In terms of training, the Institute of Financial Services (Malta) and MITC seem to work closely with the Institute of Business and Commerce at MCAST and with the Faculty of Economics, Management and Accountancy (FEMA) at the University of Malta. The MFSA also organises specialised training programmes – that said more training opportunities and training providers are needed.
More has to be done to increase the awareness of alternative qualifications such as AAT and ICSA amongst others. These qualifications provide key specialisation, and although they are not as intensive as an ACCA qualification or a law degree, they provide very relevant skills to players within the industry.
All stakeholders appreciate that lack of talent intensifies the inflationary pressures on salaries, creating unwelcome disparities that in turn weaken other sectors in the economy, as talent moves to higher paid jobs within specific sectors. Malta has experienced inter-sector crowding out within iGaming as people move from traditional sectors like hospitality, manufacturing and other services into better paid jobs in iGaming.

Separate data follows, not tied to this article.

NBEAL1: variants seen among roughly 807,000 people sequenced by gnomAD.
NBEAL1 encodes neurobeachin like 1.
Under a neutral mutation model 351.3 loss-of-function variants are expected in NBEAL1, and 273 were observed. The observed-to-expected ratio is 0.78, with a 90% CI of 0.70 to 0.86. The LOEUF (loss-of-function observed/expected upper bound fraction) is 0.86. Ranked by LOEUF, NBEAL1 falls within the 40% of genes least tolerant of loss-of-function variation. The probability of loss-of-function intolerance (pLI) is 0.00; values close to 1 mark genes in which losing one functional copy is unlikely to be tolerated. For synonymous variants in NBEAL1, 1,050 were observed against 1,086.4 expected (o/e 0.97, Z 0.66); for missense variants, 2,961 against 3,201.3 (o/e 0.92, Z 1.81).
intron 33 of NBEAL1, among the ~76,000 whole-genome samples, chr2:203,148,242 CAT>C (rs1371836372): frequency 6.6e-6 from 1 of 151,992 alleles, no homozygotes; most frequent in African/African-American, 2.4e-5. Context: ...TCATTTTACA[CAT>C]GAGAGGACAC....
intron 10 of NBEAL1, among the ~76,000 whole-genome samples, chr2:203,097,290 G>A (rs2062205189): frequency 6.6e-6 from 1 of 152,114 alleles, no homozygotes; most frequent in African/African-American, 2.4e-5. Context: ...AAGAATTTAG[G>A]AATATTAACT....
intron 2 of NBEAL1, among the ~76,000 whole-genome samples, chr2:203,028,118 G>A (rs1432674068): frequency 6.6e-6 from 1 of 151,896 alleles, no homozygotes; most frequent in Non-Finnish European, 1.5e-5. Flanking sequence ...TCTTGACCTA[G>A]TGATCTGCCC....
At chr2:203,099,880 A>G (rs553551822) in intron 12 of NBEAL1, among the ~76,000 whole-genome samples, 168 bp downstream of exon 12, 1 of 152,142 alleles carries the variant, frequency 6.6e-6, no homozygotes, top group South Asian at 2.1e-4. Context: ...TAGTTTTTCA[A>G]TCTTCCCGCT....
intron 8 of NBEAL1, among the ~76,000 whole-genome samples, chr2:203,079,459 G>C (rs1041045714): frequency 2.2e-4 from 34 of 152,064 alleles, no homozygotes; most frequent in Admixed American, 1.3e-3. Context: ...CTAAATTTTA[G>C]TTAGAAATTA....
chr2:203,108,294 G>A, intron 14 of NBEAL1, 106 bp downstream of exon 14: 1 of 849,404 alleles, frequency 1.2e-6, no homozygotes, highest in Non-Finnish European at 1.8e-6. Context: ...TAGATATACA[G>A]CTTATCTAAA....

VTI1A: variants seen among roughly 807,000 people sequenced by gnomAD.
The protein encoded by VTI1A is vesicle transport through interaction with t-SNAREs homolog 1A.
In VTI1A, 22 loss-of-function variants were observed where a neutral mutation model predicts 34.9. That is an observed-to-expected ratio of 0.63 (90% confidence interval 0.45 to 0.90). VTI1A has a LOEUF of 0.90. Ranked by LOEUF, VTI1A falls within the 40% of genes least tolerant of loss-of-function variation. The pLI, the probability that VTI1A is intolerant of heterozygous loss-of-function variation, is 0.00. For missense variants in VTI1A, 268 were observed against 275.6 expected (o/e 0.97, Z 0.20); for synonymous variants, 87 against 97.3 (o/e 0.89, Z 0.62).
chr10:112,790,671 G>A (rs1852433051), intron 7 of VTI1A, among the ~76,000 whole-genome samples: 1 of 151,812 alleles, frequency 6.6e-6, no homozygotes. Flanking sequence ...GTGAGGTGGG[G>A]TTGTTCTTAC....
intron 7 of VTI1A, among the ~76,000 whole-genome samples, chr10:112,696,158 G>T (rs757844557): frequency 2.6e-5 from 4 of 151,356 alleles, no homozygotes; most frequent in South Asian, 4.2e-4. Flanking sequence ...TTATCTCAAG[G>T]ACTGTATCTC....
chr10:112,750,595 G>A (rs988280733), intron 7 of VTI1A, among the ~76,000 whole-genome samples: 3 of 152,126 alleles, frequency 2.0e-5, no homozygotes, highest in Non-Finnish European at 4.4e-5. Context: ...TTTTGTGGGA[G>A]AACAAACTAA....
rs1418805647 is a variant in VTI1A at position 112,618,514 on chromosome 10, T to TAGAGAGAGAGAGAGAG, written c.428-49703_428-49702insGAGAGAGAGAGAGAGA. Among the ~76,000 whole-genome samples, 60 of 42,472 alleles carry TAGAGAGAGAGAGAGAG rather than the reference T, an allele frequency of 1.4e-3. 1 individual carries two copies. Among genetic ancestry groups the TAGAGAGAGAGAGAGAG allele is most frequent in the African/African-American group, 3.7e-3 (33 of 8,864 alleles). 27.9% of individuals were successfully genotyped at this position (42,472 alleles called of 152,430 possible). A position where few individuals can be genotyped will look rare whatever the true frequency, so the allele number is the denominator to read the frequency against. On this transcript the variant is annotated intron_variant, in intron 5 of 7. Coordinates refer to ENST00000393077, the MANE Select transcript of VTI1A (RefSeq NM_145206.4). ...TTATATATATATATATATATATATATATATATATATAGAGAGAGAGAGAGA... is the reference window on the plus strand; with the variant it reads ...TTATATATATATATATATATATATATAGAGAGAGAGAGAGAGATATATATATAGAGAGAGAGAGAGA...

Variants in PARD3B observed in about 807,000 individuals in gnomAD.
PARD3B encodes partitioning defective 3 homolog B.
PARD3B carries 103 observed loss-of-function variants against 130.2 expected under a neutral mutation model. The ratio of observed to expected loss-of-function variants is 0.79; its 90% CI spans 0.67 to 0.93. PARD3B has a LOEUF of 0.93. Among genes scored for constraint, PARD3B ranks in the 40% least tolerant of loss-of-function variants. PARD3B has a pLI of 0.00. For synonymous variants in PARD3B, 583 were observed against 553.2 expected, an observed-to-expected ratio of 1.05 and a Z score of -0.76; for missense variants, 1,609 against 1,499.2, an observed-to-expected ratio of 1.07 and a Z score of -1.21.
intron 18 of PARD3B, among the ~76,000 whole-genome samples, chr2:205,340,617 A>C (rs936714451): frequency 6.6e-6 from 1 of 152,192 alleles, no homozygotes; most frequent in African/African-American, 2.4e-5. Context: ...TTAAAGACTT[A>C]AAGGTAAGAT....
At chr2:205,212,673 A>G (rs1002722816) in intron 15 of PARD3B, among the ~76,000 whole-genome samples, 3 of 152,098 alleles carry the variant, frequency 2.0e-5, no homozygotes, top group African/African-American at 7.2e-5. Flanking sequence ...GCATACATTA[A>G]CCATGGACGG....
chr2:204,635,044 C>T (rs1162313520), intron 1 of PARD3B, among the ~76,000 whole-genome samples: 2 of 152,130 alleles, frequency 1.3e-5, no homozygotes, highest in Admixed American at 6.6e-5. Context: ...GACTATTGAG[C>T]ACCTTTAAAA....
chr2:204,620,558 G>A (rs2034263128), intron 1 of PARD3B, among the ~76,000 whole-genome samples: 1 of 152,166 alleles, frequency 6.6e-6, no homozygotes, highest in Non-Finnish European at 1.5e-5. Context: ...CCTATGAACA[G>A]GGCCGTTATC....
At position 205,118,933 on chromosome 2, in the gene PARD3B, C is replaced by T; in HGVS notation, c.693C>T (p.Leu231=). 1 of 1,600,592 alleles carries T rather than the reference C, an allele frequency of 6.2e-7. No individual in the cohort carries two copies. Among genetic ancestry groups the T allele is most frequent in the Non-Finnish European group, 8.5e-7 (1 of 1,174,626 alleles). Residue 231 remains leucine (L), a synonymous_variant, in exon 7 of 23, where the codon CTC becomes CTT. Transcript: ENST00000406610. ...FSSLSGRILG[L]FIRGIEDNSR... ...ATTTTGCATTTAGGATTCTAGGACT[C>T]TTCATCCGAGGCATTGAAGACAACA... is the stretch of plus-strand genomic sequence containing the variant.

Skills shortages are currently not hampering growth in the sector but certainly could be a risk factor as the sector continues to grow. Although the Malta Financial Services Authority and FinanceMalta have been putting resources, more needs to be done if the island is to reach its objective of becoming one of the top 5 centres where organisations are likely to set up new operations (City of London Report, 2008). We need to ensure people are making the right choices in careers and increase the varied forms of training provided. This is crucial to have sustainable employment within the Financial Services sector.
Sources: www.financemalta.org, www.mfsa.com.mt, www.timesofmalta.com, www.konnekt.com
A summary of this article can be found at timesofmalta.com